Avett’s glad that he hasn’t bothered to pick up his milk because he probably would have dropped it again.
“A frightful sight, I am aware.” Auren doesn’t bother looking back towards Lili this time. “At first, it puzzled me. How did a Human manage to channel enough ether to power a ship fully? Then I realised why she was continuing to hold onto the box despite being unconscious. The ship was, very likely, forcibly siphoning ether through her body.”
A large amount of foreign ether, introduced into her circulation—not a fun experience. Her wings certainly hadn't been able to take the load, and they had shattered early.
“She should be dead. There is a reason why only trained Gallians are permitted to use ether pens.” Something flickers in Auren’s eyes. A dark, morbid curiosity. “But she is merely resting.”
Merely resting. Avett grinds his teeth together. Lucky bitch. Maybe now’s the best time to bring it up. That he’d been a sitting, waiting duck every time the artifact had graced them with its presence, and that he'd love to have some form of self-defence against such an unseen force.
But then he sees the way Auren truly regards Lilith’s unconscious body. Not like an angel—no, that would imply a certain level of respect. Auren is looking at Lilith like she’s a child who’s just figured out quantum theory for the first time. She's a butterfly that's been trapped inside a glass jar, and he's her gentle, giant overseer.
Avett looks away. He’s definitely interrupted something between them.
"I should leave." Avett turns back towards the doors. Auren doesn't even offer a farewell glance. He only continues to stare, his eyes flickering with the occasional glint of ether and curiosity.
Casters are intense.
When Avett manages to get out of the armoury and into the safety of the navigation room, he slips his GlassLink out of his pocket and checks if he's gotten any new notifications or if his father is finally seeing someone again. He's immediately greeted with a smorgasbord of messages on the lock screen of his phone, so it's probably the former.
"But she is merely resting." Try as he might, Auren's words won't leave his mind for even a second. It's hard to see Lilith as anything more than Human, let alone as a caster capable of straining against her ethereal boundaries like it's child's play. The fact that she can perform feats only a Gallian—a race of biologically powerful outliers that really shouldn’t be categorised under the all-encompassing term of B class mammalian—is capable of… scares him. She doesn’t have the mental fortitude for that sort of power.
And then maybe she does. He remembers the way she’d slammed him against the wall and told him, in no uncertain terms, exactly how she felt about the bitchfit he’d thrown at her in that old shipwreck. The new backbone looks good on her, but she still needs to grow into it, he thinks.
He slots in two slices of bread into the toaster and dusts off his fingers before he checks into the Ironsturm group chat. It’ll do him no good to dwell on someone as incredibly dysfunctional as Lilith. She might start rubbing off on him.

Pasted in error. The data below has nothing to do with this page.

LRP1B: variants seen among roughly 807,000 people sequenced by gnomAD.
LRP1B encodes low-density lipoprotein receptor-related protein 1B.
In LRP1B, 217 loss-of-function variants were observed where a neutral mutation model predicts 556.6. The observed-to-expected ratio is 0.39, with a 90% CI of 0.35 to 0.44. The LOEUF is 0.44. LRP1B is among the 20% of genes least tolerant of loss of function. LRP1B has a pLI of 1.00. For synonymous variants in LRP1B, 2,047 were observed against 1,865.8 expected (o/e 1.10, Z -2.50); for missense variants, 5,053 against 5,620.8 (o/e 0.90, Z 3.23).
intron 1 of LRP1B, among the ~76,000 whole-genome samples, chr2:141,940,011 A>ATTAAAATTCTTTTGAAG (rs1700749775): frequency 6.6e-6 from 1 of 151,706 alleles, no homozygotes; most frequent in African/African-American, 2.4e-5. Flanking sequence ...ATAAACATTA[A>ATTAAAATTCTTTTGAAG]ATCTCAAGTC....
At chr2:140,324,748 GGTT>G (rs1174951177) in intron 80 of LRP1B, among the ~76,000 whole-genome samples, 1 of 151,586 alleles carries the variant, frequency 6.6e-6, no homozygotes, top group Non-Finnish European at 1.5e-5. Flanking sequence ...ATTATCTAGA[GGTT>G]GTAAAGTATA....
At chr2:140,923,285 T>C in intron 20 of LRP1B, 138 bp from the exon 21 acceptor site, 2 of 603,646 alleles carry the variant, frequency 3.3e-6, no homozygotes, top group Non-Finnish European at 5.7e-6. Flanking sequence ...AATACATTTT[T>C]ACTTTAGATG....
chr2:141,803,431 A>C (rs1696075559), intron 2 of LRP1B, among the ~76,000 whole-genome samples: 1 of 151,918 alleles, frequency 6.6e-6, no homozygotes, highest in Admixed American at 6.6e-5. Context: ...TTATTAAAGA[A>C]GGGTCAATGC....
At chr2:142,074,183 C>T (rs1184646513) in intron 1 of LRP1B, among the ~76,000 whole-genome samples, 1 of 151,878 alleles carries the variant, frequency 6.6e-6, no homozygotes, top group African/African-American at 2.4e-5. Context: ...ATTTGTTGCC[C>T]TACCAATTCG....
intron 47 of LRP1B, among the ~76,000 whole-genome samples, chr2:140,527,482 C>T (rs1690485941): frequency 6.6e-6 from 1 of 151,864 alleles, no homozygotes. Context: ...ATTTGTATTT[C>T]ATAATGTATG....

He sniffs and rubs his nose with the back of his hand. Despite his previous statement about who messages the most, it’s Aoife’s whose texts are flooding the top of his screen right now. They’re in response to his father’s incessant nagging about getting the milk from the back instead of from the front, because now the milk that they’ve gotten is going to spoil in a week, and they can’t finish an entire litre of milk in a week because Aoife is the only one who drinks it.
Terrible. Anyway, his toast’s popped out of the toaster, so he grabs that and pretty much shoves it into his mouth. He’s been knocked out often, more than he’d like to admit, and it always leaves him with an insatiable appetite and a craving for carbohydrates.
“Morning, Avett.” Ysh’vanna’s voice twinkles in after the doors slide open. Her hands are full of groceries, all contained in those flimsy paper bags that the Hive supermarkets like to use.
The bread’s absorbed all of the moisture in his mouth, so he just waves back.
“Sleep well?” She doesn’t do much to hide her grin as she drops the bags onto the table.
Avett briefly considers flipping off his captain before he swallows his uncomfortably large wad of bread. “Like a rock.”
“Good to hear. How’s Auren? Lili?”
Suddenly, busying himself with unpacking the groceries seems like a great idea. “They’re fine. Disgusting, Auren’s heavily infatuated with her like he’s a schoolgirl falling in love for the first time—but they’re fine.”
Ysh’vanna coughs. “Eldraks don’t care about that kinda stuff.”
Shame settles at the pit of his stomach before it flares up into something he doesn’t really want to put a name to quite yet. “Sure didn’t look like it.”
She bites her lip. Opens her mouth to say something, then shakes her head. “How are you, by the way? For real, this time.”
“It was artifact recovery. The only thing that could’ve killed me was Lilith.”
She’s putting away jars of pickles in the fridge now. “Lili came back with a stab wound, our comms got cut off, and you’ve been looking shaken ever since you got back.”
Avett doesn’t mean to, but his hands freeze midway through the first paper bag. “Getting knocked out does that to you. Are you an empath now?”
“Can’t I worry about my frontliners, like, at least a little?”
“Go ahead. There’s nothing to worry about.”
His captain straightens herself out again. There’s something in her eyes, and it’s not just the way the light’s hitting them. “Nothing, but you’re angry. What really happened out there, Avett?”
He narrows his eyes and dumps the rest of the bag’s contents into the cupboard underneath the sink. “I’m always angry. Why don’t you pester Lilith about it instead? She might actually like the attention.”
“I’m asking you as your friend, not as your captain—”
Nope. He’s already sauntering out of the navigation room, leaving Ysh’vanna alone with her groceries—and his second slice of toast to cool on the dining table. It’s a miracle how he’s still employed by her. Maybe she doesn’t have a choice. But he’s heavily violating protocol here, and it certainly hasn’t been the first time he’s done something like this. Ysh’vanna must be at one hell of a dead-end to tolerate him at this level of disrespect.
He shouldn’t be pushing her like this. But he’s perfectly content with the fact that only Lilith is aware of his dirty little secret, and he’d like for it to stay that way, weirdly enough.